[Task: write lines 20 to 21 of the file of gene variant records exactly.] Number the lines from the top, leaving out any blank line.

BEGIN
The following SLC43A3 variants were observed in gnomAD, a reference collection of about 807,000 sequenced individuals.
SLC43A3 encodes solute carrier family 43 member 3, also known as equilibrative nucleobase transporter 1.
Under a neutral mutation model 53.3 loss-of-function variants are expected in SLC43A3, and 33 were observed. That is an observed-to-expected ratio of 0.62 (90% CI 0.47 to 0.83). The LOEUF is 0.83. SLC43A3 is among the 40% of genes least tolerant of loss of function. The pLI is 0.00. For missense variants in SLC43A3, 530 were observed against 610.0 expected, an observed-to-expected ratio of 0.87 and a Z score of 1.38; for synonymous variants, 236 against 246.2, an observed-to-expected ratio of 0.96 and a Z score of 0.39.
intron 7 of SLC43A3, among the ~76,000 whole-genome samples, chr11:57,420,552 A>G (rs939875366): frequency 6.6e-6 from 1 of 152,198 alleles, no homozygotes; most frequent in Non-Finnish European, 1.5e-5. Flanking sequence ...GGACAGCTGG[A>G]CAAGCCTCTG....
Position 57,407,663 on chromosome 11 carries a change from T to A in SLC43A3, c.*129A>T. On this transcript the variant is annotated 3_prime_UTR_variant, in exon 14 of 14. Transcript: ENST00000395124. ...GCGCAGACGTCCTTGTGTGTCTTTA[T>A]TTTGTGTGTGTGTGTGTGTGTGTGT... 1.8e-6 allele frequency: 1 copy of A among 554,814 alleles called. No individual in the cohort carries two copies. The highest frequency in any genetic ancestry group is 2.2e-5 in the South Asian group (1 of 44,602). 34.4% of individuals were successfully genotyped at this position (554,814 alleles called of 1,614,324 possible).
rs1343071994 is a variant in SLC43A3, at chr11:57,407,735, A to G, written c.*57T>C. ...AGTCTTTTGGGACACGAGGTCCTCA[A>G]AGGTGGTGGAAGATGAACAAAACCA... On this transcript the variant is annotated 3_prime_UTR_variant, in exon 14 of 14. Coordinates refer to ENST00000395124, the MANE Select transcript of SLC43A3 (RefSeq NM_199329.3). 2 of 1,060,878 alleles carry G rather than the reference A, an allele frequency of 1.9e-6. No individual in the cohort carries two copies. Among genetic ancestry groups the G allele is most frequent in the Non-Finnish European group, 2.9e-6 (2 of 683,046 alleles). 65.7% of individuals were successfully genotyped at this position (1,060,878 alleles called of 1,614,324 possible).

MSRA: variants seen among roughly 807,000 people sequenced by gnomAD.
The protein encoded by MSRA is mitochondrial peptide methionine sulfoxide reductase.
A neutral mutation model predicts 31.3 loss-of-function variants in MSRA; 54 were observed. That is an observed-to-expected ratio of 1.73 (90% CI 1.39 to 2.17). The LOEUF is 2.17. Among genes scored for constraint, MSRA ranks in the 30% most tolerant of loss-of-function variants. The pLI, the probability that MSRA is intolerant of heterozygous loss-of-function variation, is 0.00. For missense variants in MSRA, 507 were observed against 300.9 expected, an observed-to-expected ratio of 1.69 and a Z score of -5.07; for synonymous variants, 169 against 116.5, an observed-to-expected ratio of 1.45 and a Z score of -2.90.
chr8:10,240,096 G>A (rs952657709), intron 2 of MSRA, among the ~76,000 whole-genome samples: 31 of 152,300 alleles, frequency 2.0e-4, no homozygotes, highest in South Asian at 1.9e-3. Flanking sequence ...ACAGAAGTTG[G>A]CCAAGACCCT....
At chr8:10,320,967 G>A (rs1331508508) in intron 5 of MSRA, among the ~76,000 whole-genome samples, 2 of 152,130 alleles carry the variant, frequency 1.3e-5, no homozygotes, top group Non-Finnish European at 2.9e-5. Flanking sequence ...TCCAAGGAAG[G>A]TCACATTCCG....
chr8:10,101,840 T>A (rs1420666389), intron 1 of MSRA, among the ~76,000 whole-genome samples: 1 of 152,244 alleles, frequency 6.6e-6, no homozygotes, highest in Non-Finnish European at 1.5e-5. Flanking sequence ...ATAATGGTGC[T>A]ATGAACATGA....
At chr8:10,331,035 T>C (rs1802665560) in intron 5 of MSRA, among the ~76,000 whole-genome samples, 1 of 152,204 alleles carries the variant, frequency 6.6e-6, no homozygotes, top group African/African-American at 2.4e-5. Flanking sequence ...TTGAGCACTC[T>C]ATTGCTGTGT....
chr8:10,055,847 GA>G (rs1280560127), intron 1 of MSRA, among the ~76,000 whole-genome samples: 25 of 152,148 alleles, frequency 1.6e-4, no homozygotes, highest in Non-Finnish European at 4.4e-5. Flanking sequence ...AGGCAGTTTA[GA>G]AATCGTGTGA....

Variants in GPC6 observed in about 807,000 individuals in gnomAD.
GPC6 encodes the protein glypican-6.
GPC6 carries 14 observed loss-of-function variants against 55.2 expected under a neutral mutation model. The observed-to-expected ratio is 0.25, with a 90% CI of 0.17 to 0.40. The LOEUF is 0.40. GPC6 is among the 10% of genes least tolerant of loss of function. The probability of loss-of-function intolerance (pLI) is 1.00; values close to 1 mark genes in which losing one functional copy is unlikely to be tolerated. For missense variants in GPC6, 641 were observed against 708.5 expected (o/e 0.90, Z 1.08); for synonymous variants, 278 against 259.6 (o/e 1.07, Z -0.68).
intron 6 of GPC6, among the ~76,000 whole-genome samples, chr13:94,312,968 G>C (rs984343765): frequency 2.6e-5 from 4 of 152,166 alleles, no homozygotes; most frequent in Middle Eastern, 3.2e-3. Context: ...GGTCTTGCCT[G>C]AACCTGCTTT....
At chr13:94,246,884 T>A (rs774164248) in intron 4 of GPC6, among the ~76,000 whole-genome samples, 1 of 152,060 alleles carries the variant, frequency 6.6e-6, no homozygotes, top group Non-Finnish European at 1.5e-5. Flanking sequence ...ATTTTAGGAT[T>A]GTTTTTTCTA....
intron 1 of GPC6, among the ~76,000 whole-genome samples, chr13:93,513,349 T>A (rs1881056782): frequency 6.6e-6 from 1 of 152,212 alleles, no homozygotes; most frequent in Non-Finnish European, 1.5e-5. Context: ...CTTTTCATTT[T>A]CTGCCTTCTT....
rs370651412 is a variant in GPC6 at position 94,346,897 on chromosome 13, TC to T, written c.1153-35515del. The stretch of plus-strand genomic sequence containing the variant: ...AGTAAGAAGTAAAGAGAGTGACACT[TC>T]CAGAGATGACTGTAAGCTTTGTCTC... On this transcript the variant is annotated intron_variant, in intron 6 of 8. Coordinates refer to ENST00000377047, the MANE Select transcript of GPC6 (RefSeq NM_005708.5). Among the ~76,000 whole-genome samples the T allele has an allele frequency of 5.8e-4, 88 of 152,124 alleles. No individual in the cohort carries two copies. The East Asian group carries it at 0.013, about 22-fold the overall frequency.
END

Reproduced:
intron 1 of GPC6, among the ~76,000 whole-genome samples, chr13:93,513,349 T>A (rs1881056782): frequency 6.6e-6 from 1 of 152,212 alleles, no homozygotes; most frequent in Non-Finnish European, 1.5e-5. Context: ...CTTTTCATTT[T>A]CTGCCTTCTT....
rs370651412 is a variant in GPC6 at position 94,346,897 on chromosome 13, TC to T, written c.1153-35515del. The stretch of plus-strand genomic sequence containing the variant: ...AGTAAGAAGTAAAGAGAGTGACACT[TC>T]CAGAGATGACTGTAAGCTTTGTCTC... On this transcript the variant is annotated intron_variant, in intron 6 of 8. Coordinates refer to ENST00000377047, the MANE Select transcript of GPC6 (RefSeq NM_005708.5). Among the ~76,000 whole-genome samples the T allele has an allele frequency of 5.8e-4, 88 of 152,124 alleles. No individual in the cohort carries two copies. The East Asian group carries it at 0.013, about 22-fold the overall frequency.